In this case, the Conadi official Manuel Gonçalves (who is also one of the 130 recovered grandchildren) told the Citizen Radio from Entre Ríos: “We have many samples of young people between 40 and 45 years old who have tested negative, and many mothers who are in this search. We have managed to enter them into the BNDG; From this work we have solved several cases and we hope to solve more ”. They can join the DNA bank if they gave birth between July 1974 and December 1983, exclusively. It doesn’t matter if a child was stolen or handed over for not being able to raise it.
“We need mothers to find us. We are waiting for them, ”says Mariano Landeira, one of the 12,500 cases that were unsuccessful in the gene bank. Landeira was born in February 1975 in a clinic in Wilde (Buenos Aires) that sold him to his foster family. And he dreams of filling “an empty part” of his life. In the BNDG there are already 250 mothers not linked to cases of State terrorism. One is María Alicia Pedrazzi. She gave birth at the Pedro Honaine clinic in San Martín (Buenos Aires) on November 30, 1983 and was told that her baby had died. Over the years he found that it had been changed. Herrera Piñero explains that “the incorporation of mothers serves for possible reunions, which are always a good thing and we want them to happen. And it is also an ideal scientific solution, because negative cases, if they do not recover their identity, remain in the database for life, being constantly compared, something that damages the work of the BNDG ”.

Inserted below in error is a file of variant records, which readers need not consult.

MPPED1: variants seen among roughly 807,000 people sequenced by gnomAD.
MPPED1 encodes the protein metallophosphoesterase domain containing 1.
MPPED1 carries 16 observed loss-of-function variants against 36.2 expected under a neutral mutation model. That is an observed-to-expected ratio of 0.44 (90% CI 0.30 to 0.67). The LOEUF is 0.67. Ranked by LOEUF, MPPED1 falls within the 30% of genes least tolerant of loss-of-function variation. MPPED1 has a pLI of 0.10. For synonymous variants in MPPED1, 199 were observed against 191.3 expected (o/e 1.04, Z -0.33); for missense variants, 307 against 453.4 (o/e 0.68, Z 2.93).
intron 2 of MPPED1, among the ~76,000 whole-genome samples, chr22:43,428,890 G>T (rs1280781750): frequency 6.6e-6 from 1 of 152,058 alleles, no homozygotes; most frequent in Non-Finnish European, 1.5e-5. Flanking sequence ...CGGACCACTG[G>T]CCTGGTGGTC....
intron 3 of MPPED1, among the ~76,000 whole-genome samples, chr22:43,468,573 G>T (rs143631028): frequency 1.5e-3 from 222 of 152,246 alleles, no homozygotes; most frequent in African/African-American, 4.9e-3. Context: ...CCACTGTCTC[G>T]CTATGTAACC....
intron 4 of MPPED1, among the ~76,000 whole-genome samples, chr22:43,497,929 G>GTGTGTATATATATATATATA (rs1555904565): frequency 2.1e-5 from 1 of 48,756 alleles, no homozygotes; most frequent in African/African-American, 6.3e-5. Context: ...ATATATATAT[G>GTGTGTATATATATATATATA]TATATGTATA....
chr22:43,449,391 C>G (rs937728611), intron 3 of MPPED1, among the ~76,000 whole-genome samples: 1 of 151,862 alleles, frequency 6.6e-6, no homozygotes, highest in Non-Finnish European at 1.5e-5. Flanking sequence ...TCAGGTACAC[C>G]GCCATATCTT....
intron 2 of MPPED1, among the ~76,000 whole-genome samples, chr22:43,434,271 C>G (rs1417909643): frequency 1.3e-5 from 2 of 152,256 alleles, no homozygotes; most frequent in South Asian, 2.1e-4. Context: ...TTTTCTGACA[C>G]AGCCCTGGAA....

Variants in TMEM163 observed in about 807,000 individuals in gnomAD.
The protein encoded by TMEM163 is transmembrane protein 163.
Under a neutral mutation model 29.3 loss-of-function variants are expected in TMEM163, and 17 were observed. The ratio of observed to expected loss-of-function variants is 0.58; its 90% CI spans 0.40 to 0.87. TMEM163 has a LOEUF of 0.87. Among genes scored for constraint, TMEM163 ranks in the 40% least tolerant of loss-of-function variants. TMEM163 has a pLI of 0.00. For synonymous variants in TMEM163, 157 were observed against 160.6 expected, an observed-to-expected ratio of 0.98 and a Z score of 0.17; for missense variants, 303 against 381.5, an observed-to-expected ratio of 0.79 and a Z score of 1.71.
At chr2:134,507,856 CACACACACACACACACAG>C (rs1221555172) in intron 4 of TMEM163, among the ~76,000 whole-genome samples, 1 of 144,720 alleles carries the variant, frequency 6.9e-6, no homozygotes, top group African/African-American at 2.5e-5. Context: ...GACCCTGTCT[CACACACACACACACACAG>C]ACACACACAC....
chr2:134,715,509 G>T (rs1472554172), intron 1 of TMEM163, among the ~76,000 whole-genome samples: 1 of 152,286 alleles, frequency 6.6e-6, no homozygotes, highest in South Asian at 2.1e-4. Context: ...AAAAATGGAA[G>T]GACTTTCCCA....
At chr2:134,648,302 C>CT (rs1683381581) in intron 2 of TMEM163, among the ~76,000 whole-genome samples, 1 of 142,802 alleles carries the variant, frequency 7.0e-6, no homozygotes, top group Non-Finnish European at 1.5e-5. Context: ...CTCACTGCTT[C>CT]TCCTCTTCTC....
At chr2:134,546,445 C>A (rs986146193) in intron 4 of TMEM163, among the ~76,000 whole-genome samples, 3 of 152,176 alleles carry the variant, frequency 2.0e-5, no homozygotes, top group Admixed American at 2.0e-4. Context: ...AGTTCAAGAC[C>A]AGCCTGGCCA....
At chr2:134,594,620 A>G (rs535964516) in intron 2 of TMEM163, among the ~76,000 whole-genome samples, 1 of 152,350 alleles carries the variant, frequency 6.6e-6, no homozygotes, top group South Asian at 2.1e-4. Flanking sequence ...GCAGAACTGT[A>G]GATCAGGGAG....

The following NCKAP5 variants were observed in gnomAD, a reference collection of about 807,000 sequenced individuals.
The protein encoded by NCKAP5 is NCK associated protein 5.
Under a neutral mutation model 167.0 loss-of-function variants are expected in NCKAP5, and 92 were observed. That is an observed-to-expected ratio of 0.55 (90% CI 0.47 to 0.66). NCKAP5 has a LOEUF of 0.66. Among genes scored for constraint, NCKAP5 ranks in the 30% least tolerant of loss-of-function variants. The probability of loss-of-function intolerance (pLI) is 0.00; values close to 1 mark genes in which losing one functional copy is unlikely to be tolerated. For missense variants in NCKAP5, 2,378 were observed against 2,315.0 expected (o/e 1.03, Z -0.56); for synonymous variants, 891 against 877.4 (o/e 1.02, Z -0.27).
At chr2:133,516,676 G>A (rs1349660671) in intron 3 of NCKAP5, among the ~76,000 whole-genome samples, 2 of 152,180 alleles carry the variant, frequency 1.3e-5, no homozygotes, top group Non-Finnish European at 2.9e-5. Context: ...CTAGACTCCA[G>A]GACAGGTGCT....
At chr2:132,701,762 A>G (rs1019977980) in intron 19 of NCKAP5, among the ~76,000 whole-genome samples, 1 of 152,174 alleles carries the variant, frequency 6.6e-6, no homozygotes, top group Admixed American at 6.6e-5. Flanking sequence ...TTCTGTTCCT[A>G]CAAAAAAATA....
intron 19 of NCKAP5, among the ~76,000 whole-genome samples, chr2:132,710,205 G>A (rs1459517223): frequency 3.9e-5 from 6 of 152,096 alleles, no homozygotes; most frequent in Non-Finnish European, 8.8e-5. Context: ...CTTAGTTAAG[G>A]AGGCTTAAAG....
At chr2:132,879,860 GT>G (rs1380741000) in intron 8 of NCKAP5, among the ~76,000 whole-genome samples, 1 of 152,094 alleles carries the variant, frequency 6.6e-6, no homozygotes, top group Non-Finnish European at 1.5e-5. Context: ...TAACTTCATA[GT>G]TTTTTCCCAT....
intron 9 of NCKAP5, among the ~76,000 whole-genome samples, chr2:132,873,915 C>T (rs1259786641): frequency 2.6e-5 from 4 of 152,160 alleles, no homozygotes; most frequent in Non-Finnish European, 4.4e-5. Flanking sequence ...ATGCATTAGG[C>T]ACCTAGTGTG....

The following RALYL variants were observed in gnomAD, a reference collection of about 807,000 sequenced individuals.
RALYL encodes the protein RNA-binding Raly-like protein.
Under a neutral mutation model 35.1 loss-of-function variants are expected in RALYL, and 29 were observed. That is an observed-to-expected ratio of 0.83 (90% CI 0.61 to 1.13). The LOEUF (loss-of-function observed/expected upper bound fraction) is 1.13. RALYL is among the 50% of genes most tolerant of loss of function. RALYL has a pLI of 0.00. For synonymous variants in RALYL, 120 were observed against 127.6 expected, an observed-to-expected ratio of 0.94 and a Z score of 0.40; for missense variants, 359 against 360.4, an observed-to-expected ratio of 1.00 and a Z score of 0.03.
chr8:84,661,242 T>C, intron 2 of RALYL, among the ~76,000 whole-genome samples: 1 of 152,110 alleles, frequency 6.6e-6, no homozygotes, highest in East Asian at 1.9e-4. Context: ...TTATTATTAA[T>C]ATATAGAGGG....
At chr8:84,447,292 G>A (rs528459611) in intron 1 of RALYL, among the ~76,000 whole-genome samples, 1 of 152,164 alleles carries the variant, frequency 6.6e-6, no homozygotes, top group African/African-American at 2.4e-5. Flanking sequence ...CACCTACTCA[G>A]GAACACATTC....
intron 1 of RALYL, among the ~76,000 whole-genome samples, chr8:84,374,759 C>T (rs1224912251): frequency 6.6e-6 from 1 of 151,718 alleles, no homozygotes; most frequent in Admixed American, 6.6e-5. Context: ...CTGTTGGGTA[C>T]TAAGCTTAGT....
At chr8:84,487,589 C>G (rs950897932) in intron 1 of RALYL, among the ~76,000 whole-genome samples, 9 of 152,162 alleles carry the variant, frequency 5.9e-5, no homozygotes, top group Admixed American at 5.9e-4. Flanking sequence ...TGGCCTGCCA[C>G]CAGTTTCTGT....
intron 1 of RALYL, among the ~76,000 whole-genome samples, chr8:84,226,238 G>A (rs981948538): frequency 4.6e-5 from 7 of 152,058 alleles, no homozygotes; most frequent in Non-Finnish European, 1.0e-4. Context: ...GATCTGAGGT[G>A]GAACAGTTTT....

A broad identity law
The iconic BNDG is the sounding board for a great conflict. In 2009, during the government of Cristina Fernández de Kirchner, the law that governs it was hardened to optimize its goal: to find the grandchildren of the Grandmothers of Plaza de Mayo. For the activists of the right to identity (a conglomerate of NGOs and heterogeneous virtual communities) that law was an arbitrary decision. They consider that this laboratory, which depends on the Ministry of Science, should take all cases, with or without relation to crimes against humanity.
“The claim and the demand are genuine. But how do they have to be conveyed? It is more complex than a genetic analysis. It’s a bigger discussion, ”says Herrero Piñera. “There must be a commitment from the State so that there are no more administrative agencies complicit in the appropriation, and a federal law of identity of origin. The BNDG could be the center, but that the forensic laboratories of the provinces participate and feed a common database ”.
Is it possible, then, to open the BNDG to the whole community? “The search in the BNDG is effective because it is limited to about 500 family groups, plus these mothers who are looking,” warns Herrero Piñera, current director of the gene bank. “But if the universe were opened to other periods, the universe would be enormous and the search more complex. Processing those samples would be impossible with your human resources and technology, and would lead to failure. But a law where the BNDG, with its experience and expertise, would administer the base, would not violate its activity and would allow efficient searches ”, he concludes.
Subscribe here to the newsletter of EL PAÍS América and receive all the informative keys of the present time of the region.
George Holan is chief editor at Plainsmen Post and has articles published in many notable publications in the last decade.